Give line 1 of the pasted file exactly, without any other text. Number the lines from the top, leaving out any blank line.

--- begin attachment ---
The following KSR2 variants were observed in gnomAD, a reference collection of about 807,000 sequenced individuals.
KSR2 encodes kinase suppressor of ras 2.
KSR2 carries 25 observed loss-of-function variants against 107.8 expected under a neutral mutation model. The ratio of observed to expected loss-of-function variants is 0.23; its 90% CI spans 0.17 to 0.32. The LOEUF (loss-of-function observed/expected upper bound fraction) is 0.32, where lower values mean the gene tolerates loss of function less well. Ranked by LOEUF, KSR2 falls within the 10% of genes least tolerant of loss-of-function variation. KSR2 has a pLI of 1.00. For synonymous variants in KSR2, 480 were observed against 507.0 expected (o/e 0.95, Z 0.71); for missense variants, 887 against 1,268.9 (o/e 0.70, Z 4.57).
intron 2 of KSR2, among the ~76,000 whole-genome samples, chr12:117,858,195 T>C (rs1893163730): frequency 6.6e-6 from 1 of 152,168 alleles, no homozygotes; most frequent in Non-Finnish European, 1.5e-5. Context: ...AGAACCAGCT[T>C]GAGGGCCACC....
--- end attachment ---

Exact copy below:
The following KSR2 variants were observed in gnomAD, a reference collection of about 807,000 sequenced individuals.